PowerLecture: Chapter 9 Circulation The Heart and Blood Vessels

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PowerLecture: Chapter 9

Learning Objectives

  • List the basic components of the human circulatory system.

  • Trace the routes of blood flow in the human cardiovascular system.

  • Explain the factors that cause blood to exist under different pressures.

  • Describe the major cardiovascular disorders and their causes.


  • The Breath of Life

The Breath of Life

  • During sudden cardiac arrest the heart stops its regular beating.

    • CPR (cardiopulmonary resuscitation) is an immediate life-saving technique.
    • As soon as possible a defibrillator should be used to shock the heart back to its usual rhythm; AEDs (automated external defibrillators) are now available in many public places.
  • The heart, and its associated blood vessels, is a complicated life-sustaining system.

How Would You Vote?

  • To conduct an instant in-class survey using a classroom response system, access “JoinIn Clicker Content” from the PowerLecture main menu.

  • Would you favor mandatory CPR training in high schools?

    • a. Yes, it would save countless lives.
    • b. No, it’s just another graduation requirement.

Section 1

  • The Cardiovascular System – Moving Blood Through the Body

The Cardiovascular System – Moving Blood Through the Body

  • The heart and blood vessels make up the cardiovascular system.

    • The cardiovascular system has two major elements:
      • The heart is the muscular pump that generates the pressure required to move the blood through the body.
      • Blood vessels are the distribution tubes of varying diameters.
    • The route of circulation: heart >>> arteries >>> arterioles >>> capillaries >>> venules >>> veins and finally back to the heart.

The Cardiovascular System – Moving Blood Through the Body

  • Circulating blood is vital to maintain homeostasis.

    • The cardiovascular system is the body’s internal rapid-transport system for oxygen, nutrients, secretions, and wastes via the blood.
    • Homeostasis depends on the reliable supply of blood to all of the body.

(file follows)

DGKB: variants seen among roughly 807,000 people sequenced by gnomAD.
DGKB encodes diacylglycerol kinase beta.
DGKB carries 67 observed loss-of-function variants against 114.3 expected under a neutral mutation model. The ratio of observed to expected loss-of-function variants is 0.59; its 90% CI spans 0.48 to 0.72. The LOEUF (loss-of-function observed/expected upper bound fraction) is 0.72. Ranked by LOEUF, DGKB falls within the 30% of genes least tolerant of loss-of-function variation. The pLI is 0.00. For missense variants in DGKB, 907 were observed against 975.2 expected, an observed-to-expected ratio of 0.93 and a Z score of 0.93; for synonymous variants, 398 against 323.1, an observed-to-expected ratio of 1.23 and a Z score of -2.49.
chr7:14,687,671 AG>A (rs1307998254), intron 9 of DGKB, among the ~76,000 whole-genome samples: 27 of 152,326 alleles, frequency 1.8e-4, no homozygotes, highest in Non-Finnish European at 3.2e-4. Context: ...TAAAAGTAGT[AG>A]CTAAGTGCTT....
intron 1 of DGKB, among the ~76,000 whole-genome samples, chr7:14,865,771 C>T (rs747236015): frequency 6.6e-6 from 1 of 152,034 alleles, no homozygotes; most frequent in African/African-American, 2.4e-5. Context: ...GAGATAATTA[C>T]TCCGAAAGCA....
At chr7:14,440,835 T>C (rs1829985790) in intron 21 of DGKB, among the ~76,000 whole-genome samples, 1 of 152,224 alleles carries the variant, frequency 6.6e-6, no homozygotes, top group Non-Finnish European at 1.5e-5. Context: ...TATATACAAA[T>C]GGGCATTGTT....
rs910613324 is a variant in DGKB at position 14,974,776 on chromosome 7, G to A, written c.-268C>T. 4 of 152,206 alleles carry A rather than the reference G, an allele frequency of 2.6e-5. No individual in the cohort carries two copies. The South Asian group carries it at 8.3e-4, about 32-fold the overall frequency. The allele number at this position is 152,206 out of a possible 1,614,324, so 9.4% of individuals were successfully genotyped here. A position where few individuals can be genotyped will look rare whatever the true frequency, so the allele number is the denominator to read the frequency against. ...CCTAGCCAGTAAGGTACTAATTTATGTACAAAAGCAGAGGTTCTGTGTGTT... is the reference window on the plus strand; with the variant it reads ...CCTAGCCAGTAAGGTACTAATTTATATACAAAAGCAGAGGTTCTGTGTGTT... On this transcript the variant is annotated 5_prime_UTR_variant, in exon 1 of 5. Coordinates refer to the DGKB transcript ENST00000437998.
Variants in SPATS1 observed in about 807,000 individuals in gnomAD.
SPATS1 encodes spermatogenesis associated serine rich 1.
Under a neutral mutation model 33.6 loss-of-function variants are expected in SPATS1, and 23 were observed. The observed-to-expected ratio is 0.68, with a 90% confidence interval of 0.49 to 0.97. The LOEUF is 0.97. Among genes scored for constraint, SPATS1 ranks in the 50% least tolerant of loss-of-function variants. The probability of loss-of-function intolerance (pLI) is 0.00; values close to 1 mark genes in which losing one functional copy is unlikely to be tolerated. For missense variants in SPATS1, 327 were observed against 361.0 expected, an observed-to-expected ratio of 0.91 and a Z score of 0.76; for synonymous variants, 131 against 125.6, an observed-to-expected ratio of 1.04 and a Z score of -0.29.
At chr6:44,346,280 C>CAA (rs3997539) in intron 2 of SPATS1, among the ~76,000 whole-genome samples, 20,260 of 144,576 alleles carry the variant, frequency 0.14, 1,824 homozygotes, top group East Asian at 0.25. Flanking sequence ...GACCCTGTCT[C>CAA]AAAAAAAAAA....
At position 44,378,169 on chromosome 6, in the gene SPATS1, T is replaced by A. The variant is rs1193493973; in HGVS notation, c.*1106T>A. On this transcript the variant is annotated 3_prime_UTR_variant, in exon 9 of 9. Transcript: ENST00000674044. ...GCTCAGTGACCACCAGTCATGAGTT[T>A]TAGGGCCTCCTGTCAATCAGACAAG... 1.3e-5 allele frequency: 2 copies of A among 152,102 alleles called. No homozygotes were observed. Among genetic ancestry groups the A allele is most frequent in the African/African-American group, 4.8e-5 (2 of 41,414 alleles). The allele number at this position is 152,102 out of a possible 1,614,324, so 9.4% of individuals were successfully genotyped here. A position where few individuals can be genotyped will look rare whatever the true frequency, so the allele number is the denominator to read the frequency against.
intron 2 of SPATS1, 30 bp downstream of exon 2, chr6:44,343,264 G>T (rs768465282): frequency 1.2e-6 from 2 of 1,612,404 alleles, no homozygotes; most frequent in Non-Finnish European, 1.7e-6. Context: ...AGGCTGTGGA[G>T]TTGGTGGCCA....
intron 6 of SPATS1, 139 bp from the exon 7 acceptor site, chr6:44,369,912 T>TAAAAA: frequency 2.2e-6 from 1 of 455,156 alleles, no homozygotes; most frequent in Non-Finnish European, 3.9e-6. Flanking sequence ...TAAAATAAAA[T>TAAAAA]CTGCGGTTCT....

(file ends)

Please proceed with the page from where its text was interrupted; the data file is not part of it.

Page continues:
The Cardiovascular System – Moving Blood Through the Body

  • The cardiovascular system is linked to the lymphatic system.

    • Because of the pressure in the cardiovascular system, water and proteins leak out to become part of the interstitial fluid.
    • The lymphatic system vessels pick up the fluid and return it to the general circulation.

Section 2

  • The Heart: A Double Pump

The Heart: A Double Pump

  • The heart is a durable pump made mostly of cardiac muscle (myocardium).

    • The heart is surrounded by a tough, fibrous sac
    • (pericardium).
    • The inner lining of the heart is the endocardium; it is composed of connective tissue and epithelial cells (endothelium).

The Heart: A Double Pump

  • The heart has two halves and four chambers.

    • The septum divides the heart into two halves, right and left.
      • Each half consists of an atrium (receiving chamber) and a ventricle (pumping chamber) separated by an atrioventricular valve (AV valve).
      • The AV valve on the right is a tricuspid valve; the one on the left is the bicuspid, or mitral valve.
      • Chordae tendineae (“heartstrings”) connect the AV valve flaps to the ventricle wall.
    • Blood exits each ventricle through a semilunar valve.

The Heart: A Double Pump

    • Heart muscle cells are serviced by the coronary circulation; coronary arteries branch off the aorta, forming a capillary bed around the heart.

The Heart: A Double Pump

  • In a “heartbeat,” the heart’s chambers contract, then relax.

    • The cardiac cycle is a sequence of contraction (systole) and relaxation (diastole).
      • As the atria fill, the ventricles are relaxed.
      • Pressure of the blood in the atria forces the AV valves open; the ventricles fill as the atria contract.
      • When the ventricles contract, the AV valves close, and blood flows out through the semilunar valves.

The Heart: A Double Pump

    • The cardiac output is the amount of blood each ventricle can pump in a minute; on average the output from each ventricle is about 5 liters.
    • The heart sound “lub” is made by the closing of the AV valves; the “dup” sound is the closure of the semilunar valves.

Section 3

  • The Two Circuits of Blood Flow

The Two Circuits of Blood Flow

  • The pulmonary circuit: Blood picks up oxygen in the lungs.

    • The pulmonary circuit receives blood from the tissues, taking it through the lungs for gas exchange.
    • The path of blood flow: blood from tissues enters the right atrium >>> tricuspid valve >>> right ventricle >>>right semilunar valve >>> pulmonary arteries >>> lungs >>> pulmonary veins >>> left atrium.